Talk about fast work! Yesterday I received the acceptance for “The Needle-Heat Gun” for Geminid Press’s not-yet-titled Space Opera anthology, as related just below; today the contract arrived from Editor Phillip Garver.  So part of this afternoon’s activity has been reading through it and, a few hours ago, sending it back with electronic signature affixed.  Also just a few days before I received and sent back the final proof sheets for my story, “The Labyrinth,” to be published in the Smart Rhino Publications anthology INSIDIOUS ASSASSINS (for details on which see September 9).  Such is the writer’s life, in part.  “The Labyrinth,” a fantasy/mystery set in modern Crete but with intimations of ancient Greek myth, is hoped to be out in early 2015; “The Needle-Heat Gun” in the mid-to-latter part of next year.

Yes, I do write science fiction sometimes — in fact I had started off with science fiction before I finally settled for mostly working in horror.  And while I don’t do very much SF now, every once in awhile the opportunity will come around. . . .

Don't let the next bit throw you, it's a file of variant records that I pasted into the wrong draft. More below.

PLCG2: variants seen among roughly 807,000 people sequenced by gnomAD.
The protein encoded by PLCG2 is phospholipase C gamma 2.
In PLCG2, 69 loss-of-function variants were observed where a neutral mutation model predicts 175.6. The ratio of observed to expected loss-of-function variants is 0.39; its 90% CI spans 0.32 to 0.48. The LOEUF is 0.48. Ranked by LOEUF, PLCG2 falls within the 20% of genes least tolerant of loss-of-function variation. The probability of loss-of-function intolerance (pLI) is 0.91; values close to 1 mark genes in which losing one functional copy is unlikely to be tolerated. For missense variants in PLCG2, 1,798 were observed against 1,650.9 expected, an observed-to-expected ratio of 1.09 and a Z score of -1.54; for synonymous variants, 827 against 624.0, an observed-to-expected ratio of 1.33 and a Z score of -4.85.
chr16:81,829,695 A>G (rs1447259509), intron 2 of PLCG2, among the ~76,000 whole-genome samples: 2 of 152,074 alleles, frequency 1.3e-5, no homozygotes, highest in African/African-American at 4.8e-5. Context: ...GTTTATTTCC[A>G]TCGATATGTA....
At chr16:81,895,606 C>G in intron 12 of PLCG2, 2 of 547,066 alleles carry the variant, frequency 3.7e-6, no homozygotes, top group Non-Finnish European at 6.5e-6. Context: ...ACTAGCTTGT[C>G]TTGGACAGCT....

Besides, this story features a few standard horror tropes as well.

Thus the call went out from Geminid Press for an as yet untitled “Space Opera” anthology.  “Rock us with cool short stories that have laser beams, spaceships, heroes — both male and female — and far out faraway places.”  I had just happened to have wriSpace_Opera_Low_Restten a space opera parody of sorts, called “The Needle-Heat Gun,” which could fit the bill.  Moreover they were offering five cents a word, until recently a professional rate by SFWA standards and, I believe, still so for HWA.  It would have been wrong for me to desist.